OpenStreetMap provides a valuable crowd-sourced database of raw geospatial data for constructing models of urban street networks for scientific analysis. This paper reports results from a research project that collected raw street network data from OpenStreetMap using the Python-based OSMnx software for every [...] Read more.
OpenStreetMap provides a valuable crowd-sourced database of raw geospatial data for constructing models of urban street networks for scientific analysis. This paper reports results from a research project that collected raw street network data from OpenStreetMap using the Python-based OSMnx software for every U.S. city and town, county, urbanized area, census tract, and Zillow-defined neighborhood. It constructed nonplanar directed multigraphs for each and analyzed their structural and morphological characteristics. The resulting data repository contains over 110,000 processed, cleaned street network graphs (which in turn comprise over 55 million nodes and over 137 million edges) at various scales—comprehensively covering the entire U.S.—archived as reusable open-source GraphML files, node/edge lists, and GIS shapefiles that can be immediately loaded and analyzed in standard tools such as ArcGIS, QGIS, NetworkX, graph-tool, igraph, or Gephi. The repository also contains measures of each network’s metric and topological characteristics common in urban design, transportation planning, civil engineering, and network science. No other such dataset exists. These data offer researchers and practitioners a new ability to quickly and easily conduct graph-theoretic circulation network analysis anywhere in the U.S. using standard, free, open-source tools. Full article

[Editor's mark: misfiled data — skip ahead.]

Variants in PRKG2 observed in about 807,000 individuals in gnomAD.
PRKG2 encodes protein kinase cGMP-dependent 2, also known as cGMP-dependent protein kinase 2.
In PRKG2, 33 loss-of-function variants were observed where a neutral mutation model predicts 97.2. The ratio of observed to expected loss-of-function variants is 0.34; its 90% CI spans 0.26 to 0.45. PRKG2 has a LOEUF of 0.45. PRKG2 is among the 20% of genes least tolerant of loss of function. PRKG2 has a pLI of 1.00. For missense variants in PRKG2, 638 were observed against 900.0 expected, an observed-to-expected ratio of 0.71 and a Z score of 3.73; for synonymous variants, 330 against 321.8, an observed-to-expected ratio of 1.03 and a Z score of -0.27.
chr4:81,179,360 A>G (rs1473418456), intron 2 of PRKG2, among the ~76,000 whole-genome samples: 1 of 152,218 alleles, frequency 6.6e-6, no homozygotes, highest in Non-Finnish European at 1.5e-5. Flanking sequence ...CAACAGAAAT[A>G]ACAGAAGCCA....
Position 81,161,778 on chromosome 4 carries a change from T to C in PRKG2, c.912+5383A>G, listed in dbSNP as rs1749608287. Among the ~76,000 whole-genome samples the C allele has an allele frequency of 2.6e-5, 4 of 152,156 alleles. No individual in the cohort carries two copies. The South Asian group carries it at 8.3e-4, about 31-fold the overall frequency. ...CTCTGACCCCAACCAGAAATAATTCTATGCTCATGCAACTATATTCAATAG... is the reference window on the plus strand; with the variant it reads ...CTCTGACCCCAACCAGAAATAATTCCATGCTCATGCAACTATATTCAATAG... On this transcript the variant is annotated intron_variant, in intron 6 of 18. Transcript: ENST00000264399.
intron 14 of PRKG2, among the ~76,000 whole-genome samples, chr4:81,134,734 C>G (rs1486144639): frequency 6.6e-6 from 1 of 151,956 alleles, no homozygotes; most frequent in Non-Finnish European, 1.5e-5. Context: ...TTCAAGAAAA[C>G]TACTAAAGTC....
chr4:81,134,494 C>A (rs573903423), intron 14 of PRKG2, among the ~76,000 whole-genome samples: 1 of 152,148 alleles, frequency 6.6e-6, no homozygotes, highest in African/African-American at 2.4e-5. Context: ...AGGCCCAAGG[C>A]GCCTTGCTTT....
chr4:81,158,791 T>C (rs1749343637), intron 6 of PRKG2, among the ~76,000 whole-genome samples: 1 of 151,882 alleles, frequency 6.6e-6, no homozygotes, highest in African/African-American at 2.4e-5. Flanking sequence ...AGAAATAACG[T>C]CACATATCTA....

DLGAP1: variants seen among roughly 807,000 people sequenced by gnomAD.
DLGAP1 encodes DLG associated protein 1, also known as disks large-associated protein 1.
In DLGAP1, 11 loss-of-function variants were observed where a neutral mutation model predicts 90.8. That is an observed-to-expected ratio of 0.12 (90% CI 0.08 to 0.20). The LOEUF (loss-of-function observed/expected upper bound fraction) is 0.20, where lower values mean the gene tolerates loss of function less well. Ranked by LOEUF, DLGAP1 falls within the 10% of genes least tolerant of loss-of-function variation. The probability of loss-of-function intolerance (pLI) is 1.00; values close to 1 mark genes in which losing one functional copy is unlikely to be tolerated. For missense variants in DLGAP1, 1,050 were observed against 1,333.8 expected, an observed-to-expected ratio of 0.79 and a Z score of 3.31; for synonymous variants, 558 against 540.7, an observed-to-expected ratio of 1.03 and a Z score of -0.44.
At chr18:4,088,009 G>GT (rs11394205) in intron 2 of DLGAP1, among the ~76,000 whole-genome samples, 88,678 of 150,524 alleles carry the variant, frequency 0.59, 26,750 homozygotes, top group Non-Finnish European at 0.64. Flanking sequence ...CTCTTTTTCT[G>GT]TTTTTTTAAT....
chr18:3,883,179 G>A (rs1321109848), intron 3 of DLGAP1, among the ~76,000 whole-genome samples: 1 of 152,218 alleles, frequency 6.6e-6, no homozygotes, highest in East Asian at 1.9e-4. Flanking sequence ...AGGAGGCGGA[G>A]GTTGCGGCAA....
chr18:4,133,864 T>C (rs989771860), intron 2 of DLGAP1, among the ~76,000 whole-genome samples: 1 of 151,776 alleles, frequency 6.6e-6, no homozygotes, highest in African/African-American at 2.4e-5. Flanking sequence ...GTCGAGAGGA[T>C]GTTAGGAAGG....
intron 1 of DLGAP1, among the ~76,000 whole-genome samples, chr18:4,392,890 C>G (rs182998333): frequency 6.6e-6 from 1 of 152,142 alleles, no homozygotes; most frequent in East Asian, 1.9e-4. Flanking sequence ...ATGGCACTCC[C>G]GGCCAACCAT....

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Open AccessArticle
The Human Influence Experiment (Part 2): Guidelines for Improved Mapping of Local Climate Zones Using a Supervised Classification
Urban Sci. 2019, 3(1), 27; https://doi.org/10.3390/urbansci3010027
Received: 18 December 2018 / Revised: 15 February 2019 / Accepted: 19 February 2019 / Published: 28 February 2019
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Abstract
Since 2012, Local Climate Zones (LCZ) have been used for numerous studies related to urban environment. In 2015, this use amplified because a method to map urban areas in LCZs was introduced by the World Urban Database and Access Portal Tools (WUDAPT). However [...] Read more.
Since 2012, Local Climate Zones (LCZ) have been used for numerous studies related to urban environment. In 2015, this use amplified because a method to map urban areas in LCZs was introduced by the World Urban Database and Access Portal Tools (WUDAPT). However in 2017, the first HUMan INfluence EXperiment showed that these maps often have poor or low quality. Since the maps are used in different applications such as urban modelling and land use/land cover change studies, it is of the utmost importance to improve mapping accuracies and a second experiment was launched. In HUMINEX 2.0, the focus lies on providing guidelines on the use of the mapping protocol based on the results of both HUMINEX 1.0 and 2.0. The results showed that: (1) it is important to follow the mapping protocol as strictly as possible, (2) a reasonable amount of time should be spent on the mapping procedure, (3) all users should perform a driving test, and (4) training area sets should be stored in the WUDAPT database for other users. Full article
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Open AccessArticle